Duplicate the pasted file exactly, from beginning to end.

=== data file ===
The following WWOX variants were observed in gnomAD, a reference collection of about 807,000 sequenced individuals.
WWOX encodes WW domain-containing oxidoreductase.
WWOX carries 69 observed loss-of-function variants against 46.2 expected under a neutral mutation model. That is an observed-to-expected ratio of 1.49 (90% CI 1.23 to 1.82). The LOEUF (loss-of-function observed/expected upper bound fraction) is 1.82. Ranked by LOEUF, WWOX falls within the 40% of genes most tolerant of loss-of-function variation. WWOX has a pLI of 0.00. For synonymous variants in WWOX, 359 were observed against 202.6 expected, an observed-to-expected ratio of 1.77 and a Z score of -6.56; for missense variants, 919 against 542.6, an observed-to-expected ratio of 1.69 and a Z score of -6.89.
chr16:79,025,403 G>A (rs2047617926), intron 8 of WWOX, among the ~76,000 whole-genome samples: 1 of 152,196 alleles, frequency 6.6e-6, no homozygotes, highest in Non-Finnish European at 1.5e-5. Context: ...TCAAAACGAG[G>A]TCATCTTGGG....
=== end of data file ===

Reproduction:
The following WWOX variants were observed in gnomAD, a reference collection of about 807,000 sequenced individuals.
WWOX encodes WW domain-containing oxidoreductase.
WWOX carries 69 observed loss-of-function variants against 46.2 expected under a neutral mutation model. That is an observed-to-expected ratio of 1.49 (90% CI 1.23 to 1.82). The LOEUF (loss-of-function observed/expected upper bound fraction) is 1.82. Ranked by LOEUF, WWOX falls within the 40% of genes most tolerant of loss-of-function variation. WWOX has a pLI of 0.00. For synonymous variants in WWOX, 359 were observed against 202.6 expected, an observed-to-expected ratio of 1.77 and a Z score of -6.56; for missense variants, 919 against 542.6, an observed-to-expected ratio of 1.69 and a Z score of -6.89.
chr16:79,025,403 G>A (rs2047617926), intron 8 of WWOX, among the ~76,000 whole-genome samples: 1 of 152,196 alleles, frequency 6.6e-6, no homozygotes, highest in Non-Finnish European at 1.5e-5. Context: ...TCAAAACGAG[G>A]TCATCTTGGG....